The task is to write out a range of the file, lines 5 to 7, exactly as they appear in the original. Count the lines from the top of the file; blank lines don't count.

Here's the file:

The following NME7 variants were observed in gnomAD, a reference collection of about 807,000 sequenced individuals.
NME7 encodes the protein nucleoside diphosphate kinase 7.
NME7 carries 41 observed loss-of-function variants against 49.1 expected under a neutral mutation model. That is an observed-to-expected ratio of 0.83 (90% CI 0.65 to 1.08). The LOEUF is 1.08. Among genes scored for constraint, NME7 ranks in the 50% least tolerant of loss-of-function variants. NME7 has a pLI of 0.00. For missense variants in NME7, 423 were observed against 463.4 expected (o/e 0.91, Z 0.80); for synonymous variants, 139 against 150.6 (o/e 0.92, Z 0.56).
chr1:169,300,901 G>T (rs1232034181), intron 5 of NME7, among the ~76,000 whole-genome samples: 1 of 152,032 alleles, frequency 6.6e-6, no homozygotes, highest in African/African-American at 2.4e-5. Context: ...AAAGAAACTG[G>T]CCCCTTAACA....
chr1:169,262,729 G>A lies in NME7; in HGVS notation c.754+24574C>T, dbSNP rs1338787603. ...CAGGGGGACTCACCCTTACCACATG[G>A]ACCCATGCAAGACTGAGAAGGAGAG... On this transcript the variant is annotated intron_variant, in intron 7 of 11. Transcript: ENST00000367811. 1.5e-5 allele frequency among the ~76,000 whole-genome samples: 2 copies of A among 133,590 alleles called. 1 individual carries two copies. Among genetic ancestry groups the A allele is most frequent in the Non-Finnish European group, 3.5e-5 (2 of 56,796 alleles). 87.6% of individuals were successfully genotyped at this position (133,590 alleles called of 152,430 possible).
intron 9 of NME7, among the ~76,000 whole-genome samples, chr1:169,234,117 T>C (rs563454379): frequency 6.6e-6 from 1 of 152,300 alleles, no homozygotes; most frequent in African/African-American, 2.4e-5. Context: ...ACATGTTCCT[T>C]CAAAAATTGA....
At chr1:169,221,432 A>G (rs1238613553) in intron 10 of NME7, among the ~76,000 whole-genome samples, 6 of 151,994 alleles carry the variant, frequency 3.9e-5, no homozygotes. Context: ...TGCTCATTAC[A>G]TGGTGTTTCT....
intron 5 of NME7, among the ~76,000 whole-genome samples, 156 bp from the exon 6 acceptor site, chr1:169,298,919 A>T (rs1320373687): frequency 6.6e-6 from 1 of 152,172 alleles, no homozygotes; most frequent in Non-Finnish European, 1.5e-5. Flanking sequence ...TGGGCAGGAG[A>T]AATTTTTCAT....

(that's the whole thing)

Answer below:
chr1:169,262,729 G>A lies in NME7; in HGVS notation c.754+24574C>T, dbSNP rs1338787603. ...CAGGGGGACTCACCCTTACCACATG[G>A]ACCCATGCAAGACTGAGAAGGAGAG... On this transcript the variant is annotated intron_variant, in intron 7 of 11. Transcript: ENST00000367811. 1.5e-5 allele frequency among the ~76,000 whole-genome samples: 2 copies of A among 133,590 alleles called. 1 individual carries two copies. Among genetic ancestry groups the A allele is most frequent in the Non-Finnish European group, 3.5e-5 (2 of 56,796 alleles). 87.6% of individuals were successfully genotyped at this position (133,590 alleles called of 152,430 possible).
intron 9 of NME7, among the ~76,000 whole-genome samples, chr1:169,234,117 T>C (rs563454379): frequency 6.6e-6 from 1 of 152,300 alleles, no homozygotes; most frequent in African/African-American, 2.4e-5. Context: ...ACATGTTCCT[T>C]CAAAAATTGA....
At chr1:169,221,432 A>G (rs1238613553) in intron 10 of NME7, among the ~76,000 whole-genome samples, 6 of 151,994 alleles carry the variant, frequency 3.9e-5, no homozygotes. Context: ...TGCTCATTAC[A>G]TGGTGTTTCT....